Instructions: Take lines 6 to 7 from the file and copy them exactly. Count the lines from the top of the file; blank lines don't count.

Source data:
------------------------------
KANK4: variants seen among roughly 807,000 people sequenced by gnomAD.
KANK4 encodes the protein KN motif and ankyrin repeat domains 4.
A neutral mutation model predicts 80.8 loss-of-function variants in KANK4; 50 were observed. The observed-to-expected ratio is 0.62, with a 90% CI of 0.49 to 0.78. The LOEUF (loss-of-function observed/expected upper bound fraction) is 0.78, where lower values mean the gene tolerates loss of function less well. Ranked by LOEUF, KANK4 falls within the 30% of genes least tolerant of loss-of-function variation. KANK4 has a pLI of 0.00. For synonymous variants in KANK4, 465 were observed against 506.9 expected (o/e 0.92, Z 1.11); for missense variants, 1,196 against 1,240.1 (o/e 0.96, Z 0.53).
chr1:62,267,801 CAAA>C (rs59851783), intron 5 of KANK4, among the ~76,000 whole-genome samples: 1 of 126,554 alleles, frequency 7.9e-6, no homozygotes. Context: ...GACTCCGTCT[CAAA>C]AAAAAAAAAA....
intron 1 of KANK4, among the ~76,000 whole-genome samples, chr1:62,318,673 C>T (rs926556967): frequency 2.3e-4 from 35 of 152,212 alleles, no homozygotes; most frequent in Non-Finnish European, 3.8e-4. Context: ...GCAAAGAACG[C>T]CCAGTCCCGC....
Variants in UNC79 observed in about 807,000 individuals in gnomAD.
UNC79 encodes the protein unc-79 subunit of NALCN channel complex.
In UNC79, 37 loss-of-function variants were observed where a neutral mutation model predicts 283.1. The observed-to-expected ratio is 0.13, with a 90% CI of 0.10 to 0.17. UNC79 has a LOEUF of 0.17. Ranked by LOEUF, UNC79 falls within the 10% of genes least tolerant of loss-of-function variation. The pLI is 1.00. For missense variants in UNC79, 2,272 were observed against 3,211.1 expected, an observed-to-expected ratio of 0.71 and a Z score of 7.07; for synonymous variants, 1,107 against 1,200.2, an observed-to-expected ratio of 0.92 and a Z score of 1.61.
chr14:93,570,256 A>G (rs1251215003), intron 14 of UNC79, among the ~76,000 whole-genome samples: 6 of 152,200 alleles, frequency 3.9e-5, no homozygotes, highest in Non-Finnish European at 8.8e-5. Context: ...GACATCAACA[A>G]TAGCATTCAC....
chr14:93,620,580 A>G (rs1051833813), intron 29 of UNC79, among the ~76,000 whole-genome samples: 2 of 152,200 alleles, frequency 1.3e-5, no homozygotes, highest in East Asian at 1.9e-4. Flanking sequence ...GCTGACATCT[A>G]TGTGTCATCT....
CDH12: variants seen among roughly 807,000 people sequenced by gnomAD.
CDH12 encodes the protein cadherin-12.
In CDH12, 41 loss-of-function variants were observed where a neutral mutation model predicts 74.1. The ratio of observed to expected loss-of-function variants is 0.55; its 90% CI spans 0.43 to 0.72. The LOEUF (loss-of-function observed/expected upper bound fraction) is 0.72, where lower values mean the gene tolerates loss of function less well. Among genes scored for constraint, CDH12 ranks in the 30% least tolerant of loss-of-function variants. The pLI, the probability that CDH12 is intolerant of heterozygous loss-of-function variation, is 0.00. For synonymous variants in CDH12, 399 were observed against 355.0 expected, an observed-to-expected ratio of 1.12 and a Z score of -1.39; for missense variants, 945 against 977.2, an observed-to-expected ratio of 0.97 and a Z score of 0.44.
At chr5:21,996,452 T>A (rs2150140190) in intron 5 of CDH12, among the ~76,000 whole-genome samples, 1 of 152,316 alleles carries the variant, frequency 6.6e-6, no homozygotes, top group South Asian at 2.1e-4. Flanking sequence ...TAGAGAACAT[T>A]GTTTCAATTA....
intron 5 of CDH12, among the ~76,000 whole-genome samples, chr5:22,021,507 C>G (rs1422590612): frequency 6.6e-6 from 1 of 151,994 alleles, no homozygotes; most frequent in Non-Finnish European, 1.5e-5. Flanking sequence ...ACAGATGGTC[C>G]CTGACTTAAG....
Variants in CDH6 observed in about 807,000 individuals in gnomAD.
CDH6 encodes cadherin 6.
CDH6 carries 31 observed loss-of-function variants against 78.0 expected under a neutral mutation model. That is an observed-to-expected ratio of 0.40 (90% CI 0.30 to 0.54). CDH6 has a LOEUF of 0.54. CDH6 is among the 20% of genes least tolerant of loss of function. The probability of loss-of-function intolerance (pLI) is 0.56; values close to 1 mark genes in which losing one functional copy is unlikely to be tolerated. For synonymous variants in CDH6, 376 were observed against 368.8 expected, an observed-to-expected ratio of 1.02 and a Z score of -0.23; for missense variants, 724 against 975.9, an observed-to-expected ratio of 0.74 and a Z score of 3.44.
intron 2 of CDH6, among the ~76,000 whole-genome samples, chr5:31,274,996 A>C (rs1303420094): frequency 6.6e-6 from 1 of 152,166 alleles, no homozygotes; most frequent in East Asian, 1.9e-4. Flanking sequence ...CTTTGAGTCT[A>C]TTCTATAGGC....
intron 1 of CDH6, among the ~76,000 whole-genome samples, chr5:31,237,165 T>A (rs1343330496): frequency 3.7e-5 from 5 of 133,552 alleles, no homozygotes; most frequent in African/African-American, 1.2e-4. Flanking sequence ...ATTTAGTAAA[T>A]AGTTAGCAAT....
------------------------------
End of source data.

Variants in UNC79 observed in about 807,000 individuals in gnomAD.
UNC79 encodes the protein unc-79 subunit of NALCN channel complex.